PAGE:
• I’m a member of SR, but this is my personal view on why I think that currently a blanket approach revolutionary unity is a non-starter. The three organisations discussing at present have drawn similar conclusions about the struggles, successes and failures of the last years and started to put them into practice. This last point is important, because it shows that our re-assessments are not just a paper exercise. The issues are covered in the article above: broad left parties, “Leninist Organisation” and autonomous organisation of the oppressed. What links these three issues, along with others, is that they affect how revolutionaries operate in day-to-day practice, so it is relatively easy to test out how well we are working together.

      I can’t see how it is possible to unite groups that have profound differences about these matters: whether Left Unity is a good thing (us) or not (SP, Counterfire, SWP?), whether LU itself should be the vehicle for revolutionary unity (CPGB, WP?, Independent Socialist Network?) or not (us), whether Leninism needs rethinking (us) or not (SP, SWP, Counterfire?). It might be objected that these are tactical issues, which they are, but we have to be practical and understand that it is not possible to build a new organisation if its component parts’ daily activities are not even starting out on broadly similar pathways.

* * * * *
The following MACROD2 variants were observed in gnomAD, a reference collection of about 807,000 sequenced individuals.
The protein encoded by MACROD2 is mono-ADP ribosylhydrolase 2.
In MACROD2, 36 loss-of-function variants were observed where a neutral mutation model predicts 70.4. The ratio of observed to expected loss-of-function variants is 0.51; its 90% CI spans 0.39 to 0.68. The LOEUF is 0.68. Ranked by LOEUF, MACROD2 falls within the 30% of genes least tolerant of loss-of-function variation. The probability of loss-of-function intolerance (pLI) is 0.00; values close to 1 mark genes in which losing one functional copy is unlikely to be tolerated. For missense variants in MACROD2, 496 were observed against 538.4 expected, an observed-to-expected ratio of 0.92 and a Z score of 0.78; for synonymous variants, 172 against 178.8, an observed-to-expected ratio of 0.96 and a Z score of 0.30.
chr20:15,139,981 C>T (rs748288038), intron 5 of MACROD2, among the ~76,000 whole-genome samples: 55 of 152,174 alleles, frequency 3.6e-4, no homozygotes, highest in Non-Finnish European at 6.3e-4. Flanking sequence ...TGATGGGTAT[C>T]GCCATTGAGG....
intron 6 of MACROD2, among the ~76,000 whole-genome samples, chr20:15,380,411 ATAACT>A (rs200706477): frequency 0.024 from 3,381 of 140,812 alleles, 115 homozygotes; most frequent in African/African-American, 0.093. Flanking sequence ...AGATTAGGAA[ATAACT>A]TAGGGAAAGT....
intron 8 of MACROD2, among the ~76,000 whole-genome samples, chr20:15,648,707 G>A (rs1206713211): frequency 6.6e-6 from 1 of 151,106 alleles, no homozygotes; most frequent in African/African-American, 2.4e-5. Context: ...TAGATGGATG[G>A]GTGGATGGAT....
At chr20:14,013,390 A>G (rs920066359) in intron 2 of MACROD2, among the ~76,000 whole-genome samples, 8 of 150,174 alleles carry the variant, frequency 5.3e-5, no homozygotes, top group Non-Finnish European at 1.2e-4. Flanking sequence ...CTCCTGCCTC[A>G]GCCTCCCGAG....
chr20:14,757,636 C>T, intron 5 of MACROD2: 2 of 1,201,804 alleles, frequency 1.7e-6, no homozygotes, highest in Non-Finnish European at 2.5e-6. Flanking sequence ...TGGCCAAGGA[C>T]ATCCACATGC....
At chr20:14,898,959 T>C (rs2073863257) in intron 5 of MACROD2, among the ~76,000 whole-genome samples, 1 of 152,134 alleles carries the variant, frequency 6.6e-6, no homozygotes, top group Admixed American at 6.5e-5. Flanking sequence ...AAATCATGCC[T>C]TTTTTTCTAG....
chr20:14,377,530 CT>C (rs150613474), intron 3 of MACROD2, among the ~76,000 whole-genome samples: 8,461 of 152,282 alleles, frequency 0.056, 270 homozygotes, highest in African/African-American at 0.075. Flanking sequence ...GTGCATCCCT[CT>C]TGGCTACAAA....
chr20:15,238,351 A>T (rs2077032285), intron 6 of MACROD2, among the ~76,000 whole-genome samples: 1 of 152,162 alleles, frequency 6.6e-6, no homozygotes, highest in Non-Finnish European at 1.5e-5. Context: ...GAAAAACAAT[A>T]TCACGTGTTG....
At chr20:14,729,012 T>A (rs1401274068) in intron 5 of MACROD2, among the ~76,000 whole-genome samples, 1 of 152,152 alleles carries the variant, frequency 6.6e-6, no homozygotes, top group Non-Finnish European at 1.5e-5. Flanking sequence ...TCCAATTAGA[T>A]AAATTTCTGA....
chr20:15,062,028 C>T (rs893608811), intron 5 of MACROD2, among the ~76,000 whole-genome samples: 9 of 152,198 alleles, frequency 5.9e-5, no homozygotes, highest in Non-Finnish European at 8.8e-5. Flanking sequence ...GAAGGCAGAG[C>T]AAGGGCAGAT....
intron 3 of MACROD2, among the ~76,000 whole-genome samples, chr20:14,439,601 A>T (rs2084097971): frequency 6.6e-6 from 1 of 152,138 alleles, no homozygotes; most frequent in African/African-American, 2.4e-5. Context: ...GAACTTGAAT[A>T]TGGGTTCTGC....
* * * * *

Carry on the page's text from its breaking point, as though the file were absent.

It is also useful to look at what different groups say about one another. Does the CPGB want to fuse with the “politically decrepit” – or the AWL with the “almost invisible” – Socialist Resistance?

  4. Jara Handala // 14th July 2013 at 7:32 am // Reply

    Just noticed that the last 4 of the 5 links in my comment don’t work. (I was alerted to this as the first appeared in full, the others having 3 dots then stopping.)

    Can you please correct this (obviously, if need be, by using spaces) then discard this notifying comment? I repeat them here, with spaces as I presume your software alters the URL’s if there are more than one:

    http ://forum.internationalsocialistnetwork .com/thread/253/swp-takes-new-turn-learn

    http ://forum.internationalsocialistnetwork .com/thread/254/swp-crisis-isn-learn-2

    http ://revolutionarysocialism .tumblr .com/post/54588200394/ian-birchall-replies-to-his-critics

    http ://marxists .org/archive/cliff/works/1960/xx/trotsub.htm

    Thank you.

  5. The reason the three groups in the process are having these discussions is because they have arrived at very similar conclusions on a number of issues. The most important of these are the need to seriously build a pluarlist class struggle party to the left of Labour (rather than “intervene”) in it; the centrality of feminism in socialist organisations and the form of democratic internal life they have.